In a news release from the Iowa Farm Bureau Federation:
Members of the state’s largest grassroots farm organization gathered in Des Moines December 5-6 to kick off a celebration that recognizes Iowa Farm Bureau Federation’s (IFBF) 100 years of success. The 99th annual gathering of IFBF members also launched 2018 as the ‘Year of Iowa Farm Bureau.’ The designation, recently signed by Governor Kim Reynolds, celebrates a century of innovation and leadership of IFBF family farmers.
Craig Hill, IFBF president, addressed the members and shared the storied history of Farm Bureau. “IFBF members may not realize it, but Iowa Farm Bureau was the first organization that gave farmers a ‘voice.’ Before Iowa Farm Bureau, it was politicians or those appointed by politicians, who decided farm policy,” said Hill. President Hill also acknowledged the challenges that face farmers today, including efforts to improve water quality, but Hill says progress is happening. “It’s why 87 percent of Iowa Farm Bureau members surveyed say they are using conservation practices on their farm and 71 percent have plans to apply new conservation practices in the next five years. Iowa farmers know water quality is important, so even though we’ve seen three years of a downturned market for ag products, 73 percent of members surveyed are spending their OWN money to apply conservation practices,” said Hill.
IFBF farmers packed the room for “It Takes a Village to Protect a Watershed” education session to hear how several IFBF farmers found success by ramping up conservation practices. Mike Ehlers, a Buena Vista County farmer, agreed that education is the key to changing farmers’ ideas about conservation practices. And, he said, repetition is the tool that inspires change and confidence.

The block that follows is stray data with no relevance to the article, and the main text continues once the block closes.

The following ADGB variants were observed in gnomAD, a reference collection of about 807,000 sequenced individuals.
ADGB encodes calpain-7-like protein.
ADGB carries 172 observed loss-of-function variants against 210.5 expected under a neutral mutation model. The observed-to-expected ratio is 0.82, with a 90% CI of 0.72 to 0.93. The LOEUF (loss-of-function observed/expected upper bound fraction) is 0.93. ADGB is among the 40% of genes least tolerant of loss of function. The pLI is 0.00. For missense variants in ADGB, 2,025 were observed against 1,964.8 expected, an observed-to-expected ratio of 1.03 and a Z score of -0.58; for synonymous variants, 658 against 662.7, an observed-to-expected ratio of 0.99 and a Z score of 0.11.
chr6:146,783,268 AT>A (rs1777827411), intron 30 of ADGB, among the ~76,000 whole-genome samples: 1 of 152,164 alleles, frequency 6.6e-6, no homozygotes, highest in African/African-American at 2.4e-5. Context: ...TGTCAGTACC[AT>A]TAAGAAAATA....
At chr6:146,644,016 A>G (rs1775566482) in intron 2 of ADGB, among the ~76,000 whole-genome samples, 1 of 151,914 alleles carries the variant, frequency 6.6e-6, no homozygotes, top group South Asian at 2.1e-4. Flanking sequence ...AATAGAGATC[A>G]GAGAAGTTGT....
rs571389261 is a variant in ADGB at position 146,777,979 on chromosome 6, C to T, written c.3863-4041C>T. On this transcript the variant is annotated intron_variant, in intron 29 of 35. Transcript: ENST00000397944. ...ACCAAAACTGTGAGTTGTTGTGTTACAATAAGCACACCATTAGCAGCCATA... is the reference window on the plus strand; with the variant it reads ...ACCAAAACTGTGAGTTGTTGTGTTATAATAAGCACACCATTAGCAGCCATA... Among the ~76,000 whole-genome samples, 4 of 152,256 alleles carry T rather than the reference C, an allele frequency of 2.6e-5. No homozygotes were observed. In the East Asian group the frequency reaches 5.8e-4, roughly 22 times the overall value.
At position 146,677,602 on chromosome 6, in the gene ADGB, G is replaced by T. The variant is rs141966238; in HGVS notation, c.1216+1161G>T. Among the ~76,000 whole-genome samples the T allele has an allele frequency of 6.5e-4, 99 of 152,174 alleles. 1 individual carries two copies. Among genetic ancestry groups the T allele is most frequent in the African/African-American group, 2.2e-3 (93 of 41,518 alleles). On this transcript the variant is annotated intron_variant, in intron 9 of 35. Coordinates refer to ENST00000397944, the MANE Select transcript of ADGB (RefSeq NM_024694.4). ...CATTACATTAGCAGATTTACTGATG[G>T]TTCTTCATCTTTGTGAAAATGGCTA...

“It really takes multiple times of showing other farmers things, before they are willing to consider making a change,” Ehlers said.
Jeff Pape of Dubuque County said farmers’ competitive nature is an asset when it comes to adding new practices. “People’s minds will change when they start seeing their neighbors have positive results,” he said. “That’s really when you get a lot of people who start to be willing to try new things.”
Another big draw at the 99th IFBF annual meeting was keynote speaker, Rorke Denver. Denver, a former U.S. Navy SEAL Commander who served in some of the most dangerous places on Earth, shared inspirational stories and life lessons learned in the field of battle. One lesson he shared was from serving in Afghanistan. Denver and his fellow SEALS were tasked with securing a hillside for approaching U.S. troops. Denver told how he scanned the hills for Taliban, but grew frustrated when he continued to miss existing threats, which his sniper scout quickly found.
“I was having trouble with the fact that my lead sniper had seen everything on this hillside and I hadn’t,” Denver noted.
But his sniper said the problem was perspective. He pointed out that Denver’s mistake was trying to see the entire hillside rather than breaking it down into parts.
“If you look at less, you’ll see more,” Denver recalled the sniper saying. Since then, Denver has learned to focus his efforts on working through and crossing off manageable tasks, rather than trying to tackle mountainous challenges. He said people tasked with doing ‘more with less’ can benefit by taking on the same focused approach. Farmers in the audience nodded in agreement.
“As leaders, we have so much on our plate that we have to digest and manage and deal with at a given time. You’ll never get it done if you try and do it all. When you try to take it all on, you’ll get nothing accomplished. If you do one specific thing and drill in, you’ll do great things. Look at less, you’ll see more,” Denver said.
For a look at presentations, award ceremonies or addresses from the 99th annual Iowa Farm Bureau meeting, click here.